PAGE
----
Our plane for this mission to Merseburg, Germany, 24 Aug. '44, happened to be "Miss Lace." We had a full flight of 12 planes from the 427th and joined the other groups to fly in at 35,000 feet (our highest mission to date) and that in itself seemed to be a good sign. Looking out to the rear of our formation, I saw a B-17 quite a distance behind, and I called to our tail gunner to check and see if he could make out the markings and whether she might be in trouble. As far as he could tell, she seemed to be flying at the same speed and altitude. However, as we approached the l.P., he called back to say she was peeling off. This confirmed our suspicions that the Germans had captured one of our B-17s, repaired it, and used it to fly behind our formation and call in our air speed and altitude to the anti-aircraft batteries on the ground, thus providing perfect accuracy.
We started on the bomb run when all hell broke loose. I had my hand on the gun control arm to press the intercom button to tell our pilot I was opening the bombbay doors when I saw our lead plane take a direct hit (we were deputy lead) and blow apart, scattering pieces of the plane and bodies - saw one with his hand on the handle of his chest pack chute, others with chutes open.
I felt our plane lurch and a funny feeling on my arm and hand. I looked over to see my ring finger on my right hand missing and pieces of shrapnel in my hand. Due to low temperatures (probably about 60 degrees below zero), there was no feeling yet.
We continued our run and I dropped my bombs, closed the bombbay doors, called the pilot and told him "Let's head for home right now!" A. we started back I got a call from our waist gunner, Charlie, telling me he had been hit. Since one of my extra duties was first aid officer, I asked him if Jarvis, our radio man, could handle it since I had a little problem myself. He assured me it wasn't serious and I didn't have to come back
By this time I was bleeding all over the place, so I called our navigator to give me a hand. When I looked a him, he was shaking like a leaf. I looked where he had been sitting or the navigator's desk and noticed the gaping hole where the shrapnel her entered, right where the middle of his anatomy had been. But he had reached down at just the right time to retrieve some maps and papers and it probably saved his life. We must have made quite a pair with my one hand and his shaky ones as we dumped all the sulfa powder on my shot-up hand, then bandaged it 'til looked like I was hiding a boxing glove.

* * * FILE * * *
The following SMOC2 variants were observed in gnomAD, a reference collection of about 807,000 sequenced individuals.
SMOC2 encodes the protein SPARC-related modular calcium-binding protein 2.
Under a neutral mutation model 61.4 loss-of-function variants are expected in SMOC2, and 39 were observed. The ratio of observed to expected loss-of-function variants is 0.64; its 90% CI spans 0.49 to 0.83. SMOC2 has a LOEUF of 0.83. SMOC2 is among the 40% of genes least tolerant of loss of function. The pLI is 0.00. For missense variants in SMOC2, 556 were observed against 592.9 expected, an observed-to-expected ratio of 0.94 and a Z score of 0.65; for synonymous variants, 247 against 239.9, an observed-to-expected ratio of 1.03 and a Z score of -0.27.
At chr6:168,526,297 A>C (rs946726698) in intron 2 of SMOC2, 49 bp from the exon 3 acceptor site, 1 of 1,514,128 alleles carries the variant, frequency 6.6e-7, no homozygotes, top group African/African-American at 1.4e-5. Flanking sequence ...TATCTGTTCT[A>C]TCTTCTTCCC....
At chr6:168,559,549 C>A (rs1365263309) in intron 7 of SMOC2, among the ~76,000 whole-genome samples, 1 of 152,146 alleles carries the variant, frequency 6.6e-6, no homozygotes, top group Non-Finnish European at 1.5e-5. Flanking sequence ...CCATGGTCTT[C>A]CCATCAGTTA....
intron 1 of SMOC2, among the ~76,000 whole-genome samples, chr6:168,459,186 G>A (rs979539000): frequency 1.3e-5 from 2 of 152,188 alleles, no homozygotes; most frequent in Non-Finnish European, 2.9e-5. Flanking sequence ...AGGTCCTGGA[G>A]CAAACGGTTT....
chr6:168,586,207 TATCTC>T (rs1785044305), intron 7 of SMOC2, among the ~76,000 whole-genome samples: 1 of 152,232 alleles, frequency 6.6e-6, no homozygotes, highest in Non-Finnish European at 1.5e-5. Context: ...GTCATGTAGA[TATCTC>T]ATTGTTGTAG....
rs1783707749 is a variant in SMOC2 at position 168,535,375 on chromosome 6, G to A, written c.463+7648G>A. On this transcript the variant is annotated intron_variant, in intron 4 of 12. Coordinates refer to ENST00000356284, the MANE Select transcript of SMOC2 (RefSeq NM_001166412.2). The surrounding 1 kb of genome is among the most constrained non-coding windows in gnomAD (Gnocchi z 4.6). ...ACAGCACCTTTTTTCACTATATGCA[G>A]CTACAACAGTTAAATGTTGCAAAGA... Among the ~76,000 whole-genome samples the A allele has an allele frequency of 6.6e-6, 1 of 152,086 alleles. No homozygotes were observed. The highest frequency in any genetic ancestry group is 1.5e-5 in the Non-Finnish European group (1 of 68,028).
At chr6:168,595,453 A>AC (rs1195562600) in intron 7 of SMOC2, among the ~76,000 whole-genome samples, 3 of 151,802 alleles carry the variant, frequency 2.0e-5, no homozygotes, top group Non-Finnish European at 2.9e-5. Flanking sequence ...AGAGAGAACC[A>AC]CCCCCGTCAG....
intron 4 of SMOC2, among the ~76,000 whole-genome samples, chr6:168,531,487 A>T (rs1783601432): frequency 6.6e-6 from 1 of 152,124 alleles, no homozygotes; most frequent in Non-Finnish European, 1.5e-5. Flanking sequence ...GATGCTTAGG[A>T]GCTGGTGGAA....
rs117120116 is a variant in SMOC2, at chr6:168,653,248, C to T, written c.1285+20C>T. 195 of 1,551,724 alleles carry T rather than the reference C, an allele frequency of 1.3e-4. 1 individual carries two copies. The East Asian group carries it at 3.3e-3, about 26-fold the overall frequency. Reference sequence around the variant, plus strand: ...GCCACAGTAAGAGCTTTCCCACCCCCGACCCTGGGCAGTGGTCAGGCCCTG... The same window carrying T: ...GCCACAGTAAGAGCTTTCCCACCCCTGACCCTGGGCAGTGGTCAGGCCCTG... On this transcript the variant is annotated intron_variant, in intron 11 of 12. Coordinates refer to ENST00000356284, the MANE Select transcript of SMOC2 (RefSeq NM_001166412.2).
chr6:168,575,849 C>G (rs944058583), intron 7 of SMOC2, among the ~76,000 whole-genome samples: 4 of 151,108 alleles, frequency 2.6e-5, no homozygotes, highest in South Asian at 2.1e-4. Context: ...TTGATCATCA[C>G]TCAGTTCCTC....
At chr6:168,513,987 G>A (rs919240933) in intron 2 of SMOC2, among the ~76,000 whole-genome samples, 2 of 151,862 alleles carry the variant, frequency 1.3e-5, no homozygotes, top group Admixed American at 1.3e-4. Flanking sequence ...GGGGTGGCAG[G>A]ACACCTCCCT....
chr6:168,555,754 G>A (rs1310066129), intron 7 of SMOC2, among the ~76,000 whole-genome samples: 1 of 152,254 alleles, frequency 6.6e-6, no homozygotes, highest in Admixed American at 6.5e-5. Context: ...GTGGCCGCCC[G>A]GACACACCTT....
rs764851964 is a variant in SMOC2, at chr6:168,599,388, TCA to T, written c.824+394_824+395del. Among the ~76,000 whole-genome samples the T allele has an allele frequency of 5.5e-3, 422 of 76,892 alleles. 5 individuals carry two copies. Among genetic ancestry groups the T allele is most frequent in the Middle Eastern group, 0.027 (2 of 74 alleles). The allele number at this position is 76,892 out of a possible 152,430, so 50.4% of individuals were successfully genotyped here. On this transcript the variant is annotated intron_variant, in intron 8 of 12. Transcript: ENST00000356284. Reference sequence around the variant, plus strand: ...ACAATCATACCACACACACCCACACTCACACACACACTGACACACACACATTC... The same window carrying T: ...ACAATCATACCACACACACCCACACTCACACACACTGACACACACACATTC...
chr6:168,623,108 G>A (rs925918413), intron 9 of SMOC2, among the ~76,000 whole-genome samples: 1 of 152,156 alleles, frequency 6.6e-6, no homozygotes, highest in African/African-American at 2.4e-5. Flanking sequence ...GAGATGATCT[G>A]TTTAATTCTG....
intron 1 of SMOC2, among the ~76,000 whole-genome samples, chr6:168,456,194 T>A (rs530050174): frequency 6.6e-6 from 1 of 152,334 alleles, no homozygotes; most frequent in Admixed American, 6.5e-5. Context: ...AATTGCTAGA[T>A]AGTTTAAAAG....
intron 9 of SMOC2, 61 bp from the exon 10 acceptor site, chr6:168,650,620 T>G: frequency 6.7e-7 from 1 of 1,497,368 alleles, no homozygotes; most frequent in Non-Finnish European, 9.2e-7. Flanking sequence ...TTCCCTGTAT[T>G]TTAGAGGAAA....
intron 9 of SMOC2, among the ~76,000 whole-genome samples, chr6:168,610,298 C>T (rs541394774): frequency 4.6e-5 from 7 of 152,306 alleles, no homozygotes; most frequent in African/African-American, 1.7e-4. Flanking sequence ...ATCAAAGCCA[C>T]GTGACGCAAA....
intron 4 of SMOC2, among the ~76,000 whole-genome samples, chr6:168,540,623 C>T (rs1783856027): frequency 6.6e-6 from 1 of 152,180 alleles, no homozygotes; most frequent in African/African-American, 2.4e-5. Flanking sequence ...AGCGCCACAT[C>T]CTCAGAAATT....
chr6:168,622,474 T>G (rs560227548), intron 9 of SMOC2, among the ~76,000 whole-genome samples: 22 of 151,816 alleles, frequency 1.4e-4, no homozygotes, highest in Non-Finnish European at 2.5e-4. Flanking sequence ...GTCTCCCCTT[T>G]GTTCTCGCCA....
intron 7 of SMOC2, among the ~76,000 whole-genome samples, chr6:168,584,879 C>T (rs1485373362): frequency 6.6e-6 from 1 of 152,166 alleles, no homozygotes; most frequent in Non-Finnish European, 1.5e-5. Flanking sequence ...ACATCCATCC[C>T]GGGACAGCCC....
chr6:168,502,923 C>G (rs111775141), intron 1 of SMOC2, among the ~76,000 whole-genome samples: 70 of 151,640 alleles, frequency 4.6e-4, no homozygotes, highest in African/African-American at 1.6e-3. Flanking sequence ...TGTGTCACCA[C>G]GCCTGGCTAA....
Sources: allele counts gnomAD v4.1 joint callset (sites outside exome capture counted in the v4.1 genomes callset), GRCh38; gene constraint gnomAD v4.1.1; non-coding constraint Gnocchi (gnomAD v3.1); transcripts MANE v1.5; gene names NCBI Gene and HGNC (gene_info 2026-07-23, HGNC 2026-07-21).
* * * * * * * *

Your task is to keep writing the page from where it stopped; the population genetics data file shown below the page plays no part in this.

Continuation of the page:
We got back over the coast with out any fighter plane encounters and headed for our home base a Molesworth. When you have wounded aboard, you fire off red flares to landing priorities. That day every plane was firing flares! The first plane to land was really in bad shape; two engines out, the third one going out on landing, and the fourth and fine engine quitting when he hit the run way; most of the stabilizer tail section was out; there was a hole in the wing that you could crawl through and a monstrous hole in the fuselage where one crew member was killed and an other lost a leg. They told me afterwards that they just hooked what was left of the plane to a tow vehicle and took it straight to the junk yard.
Our plane came in for a landing with our hydraulic system shot out so we were off the runway going through a field with an ambulance chasing after us. If it hadn't been of such a serious nature, it probably would have looked like a Keystone Cop comedy with al the planes going off in different directions, chased by ambulances.
The final toll was: one plane blown up over the target with 10 casualties (actually two got out); one plane home but destroyed with two casualties; the remaining 10 planes of the 427th with at least 100 holes in each and 23 wounded taken to the 303rd station hospital. The good part was that my crew went on to finish their tour in "Miss Lace" and returned to their states before I did.
Lt. Charles W. Ziesche (427) Bombardier
Ed. Note: The navigator the 427th's lead aircraft was also wounded in the arm with blood sputtering all over the nose of their aircraft. In this case, it was the bombardier who became the first-aid administrator. Unfortunately, I believe you went over the target at 25, 000 feet - not 35,000, as stated.